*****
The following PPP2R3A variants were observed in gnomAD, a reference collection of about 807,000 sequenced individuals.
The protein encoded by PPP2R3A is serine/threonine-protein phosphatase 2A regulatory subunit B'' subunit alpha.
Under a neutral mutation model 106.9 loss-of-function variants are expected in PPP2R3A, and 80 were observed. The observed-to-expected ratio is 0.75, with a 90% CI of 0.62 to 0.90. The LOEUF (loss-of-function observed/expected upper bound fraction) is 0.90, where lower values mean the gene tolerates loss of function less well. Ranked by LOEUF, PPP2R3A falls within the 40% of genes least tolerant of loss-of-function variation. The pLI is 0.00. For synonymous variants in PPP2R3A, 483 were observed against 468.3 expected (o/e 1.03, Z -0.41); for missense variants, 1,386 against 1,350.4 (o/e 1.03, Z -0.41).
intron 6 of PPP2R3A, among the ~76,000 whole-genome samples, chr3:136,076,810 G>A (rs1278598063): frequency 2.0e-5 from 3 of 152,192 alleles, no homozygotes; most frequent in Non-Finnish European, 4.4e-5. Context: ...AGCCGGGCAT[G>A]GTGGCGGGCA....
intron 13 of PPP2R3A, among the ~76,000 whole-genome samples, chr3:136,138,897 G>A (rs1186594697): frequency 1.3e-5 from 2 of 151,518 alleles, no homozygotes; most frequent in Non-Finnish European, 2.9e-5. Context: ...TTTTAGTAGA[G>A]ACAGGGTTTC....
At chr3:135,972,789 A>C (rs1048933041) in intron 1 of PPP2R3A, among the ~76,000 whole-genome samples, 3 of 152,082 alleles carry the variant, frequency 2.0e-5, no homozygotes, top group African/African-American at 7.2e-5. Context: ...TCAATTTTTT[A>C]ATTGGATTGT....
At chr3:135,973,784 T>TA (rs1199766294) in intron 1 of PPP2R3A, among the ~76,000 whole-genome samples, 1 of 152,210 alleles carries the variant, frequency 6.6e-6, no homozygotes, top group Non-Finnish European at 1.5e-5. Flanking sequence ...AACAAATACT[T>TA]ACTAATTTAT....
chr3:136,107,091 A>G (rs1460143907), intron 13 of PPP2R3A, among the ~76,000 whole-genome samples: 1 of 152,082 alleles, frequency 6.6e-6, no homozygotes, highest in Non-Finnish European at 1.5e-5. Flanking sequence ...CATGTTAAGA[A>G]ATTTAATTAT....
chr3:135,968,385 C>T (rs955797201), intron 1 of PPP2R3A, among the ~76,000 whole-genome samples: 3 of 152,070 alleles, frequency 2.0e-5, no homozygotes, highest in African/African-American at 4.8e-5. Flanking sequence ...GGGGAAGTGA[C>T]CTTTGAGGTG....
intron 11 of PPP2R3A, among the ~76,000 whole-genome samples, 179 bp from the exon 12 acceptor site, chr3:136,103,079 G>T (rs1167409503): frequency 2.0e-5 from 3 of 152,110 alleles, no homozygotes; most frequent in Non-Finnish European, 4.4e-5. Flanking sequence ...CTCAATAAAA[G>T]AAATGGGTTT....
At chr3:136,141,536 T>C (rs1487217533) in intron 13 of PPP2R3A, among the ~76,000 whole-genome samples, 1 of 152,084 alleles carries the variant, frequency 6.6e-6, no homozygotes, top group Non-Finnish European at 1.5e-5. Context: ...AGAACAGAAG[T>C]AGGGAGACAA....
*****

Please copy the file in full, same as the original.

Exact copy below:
The following PPP2R3A variants were observed in gnomAD, a reference collection of about 807,000 sequenced individuals.
The protein encoded by PPP2R3A is serine/threonine-protein phosphatase 2A regulatory subunit B'' subunit alpha.
Under a neutral mutation model 106.9 loss-of-function variants are expected in PPP2R3A, and 80 were observed. The observed-to-expected ratio is 0.75, with a 90% CI of 0.62 to 0.90. The LOEUF (loss-of-function observed/expected upper bound fraction) is 0.90, where lower values mean the gene tolerates loss of function less well. Ranked by LOEUF, PPP2R3A falls within the 40% of genes least tolerant of loss-of-function variation. The pLI is 0.00. For synonymous variants in PPP2R3A, 483 were observed against 468.3 expected (o/e 1.03, Z -0.41); for missense variants, 1,386 against 1,350.4 (o/e 1.03, Z -0.41).
intron 6 of PPP2R3A, among the ~76,000 whole-genome samples, chr3:136,076,810 G>A (rs1278598063): frequency 2.0e-5 from 3 of 152,192 alleles, no homozygotes; most frequent in Non-Finnish European, 4.4e-5. Context: ...AGCCGGGCAT[G>A]GTGGCGGGCA....
intron 13 of PPP2R3A, among the ~76,000 whole-genome samples, chr3:136,138,897 G>A (rs1186594697): frequency 1.3e-5 from 2 of 151,518 alleles, no homozygotes; most frequent in Non-Finnish European, 2.9e-5. Context: ...TTTTAGTAGA[G>A]ACAGGGTTTC....
At chr3:135,972,789 A>C (rs1048933041) in intron 1 of PPP2R3A, among the ~76,000 whole-genome samples, 3 of 152,082 alleles carry the variant, frequency 2.0e-5, no homozygotes, top group African/African-American at 7.2e-5. Context: ...TCAATTTTTT[A>C]ATTGGATTGT....
At chr3:135,973,784 T>TA (rs1199766294) in intron 1 of PPP2R3A, among the ~76,000 whole-genome samples, 1 of 152,210 alleles carries the variant, frequency 6.6e-6, no homozygotes, top group Non-Finnish European at 1.5e-5. Flanking sequence ...AACAAATACT[T>TA]ACTAATTTAT....
chr3:136,107,091 A>G (rs1460143907), intron 13 of PPP2R3A, among the ~76,000 whole-genome samples: 1 of 152,082 alleles, frequency 6.6e-6, no homozygotes, highest in Non-Finnish European at 1.5e-5. Flanking sequence ...CATGTTAAGA[A>G]ATTTAATTAT....
chr3:135,968,385 C>T (rs955797201), intron 1 of PPP2R3A, among the ~76,000 whole-genome samples: 3 of 152,070 alleles, frequency 2.0e-5, no homozygotes, highest in African/African-American at 4.8e-5. Flanking sequence ...GGGGAAGTGA[C>T]CTTTGAGGTG....
intron 11 of PPP2R3A, among the ~76,000 whole-genome samples, 179 bp from the exon 12 acceptor site, chr3:136,103,079 G>T (rs1167409503): frequency 2.0e-5 from 3 of 152,110 alleles, no homozygotes; most frequent in Non-Finnish European, 4.4e-5. Flanking sequence ...CTCAATAAAA[G>T]AAATGGGTTT....
At chr3:136,141,536 T>C (rs1487217533) in intron 13 of PPP2R3A, among the ~76,000 whole-genome samples, 1 of 152,084 alleles carries the variant, frequency 6.6e-6, no homozygotes, top group Non-Finnish European at 1.5e-5. Context: ...AGAACAGAAG[T>C]AGGGAGACAA....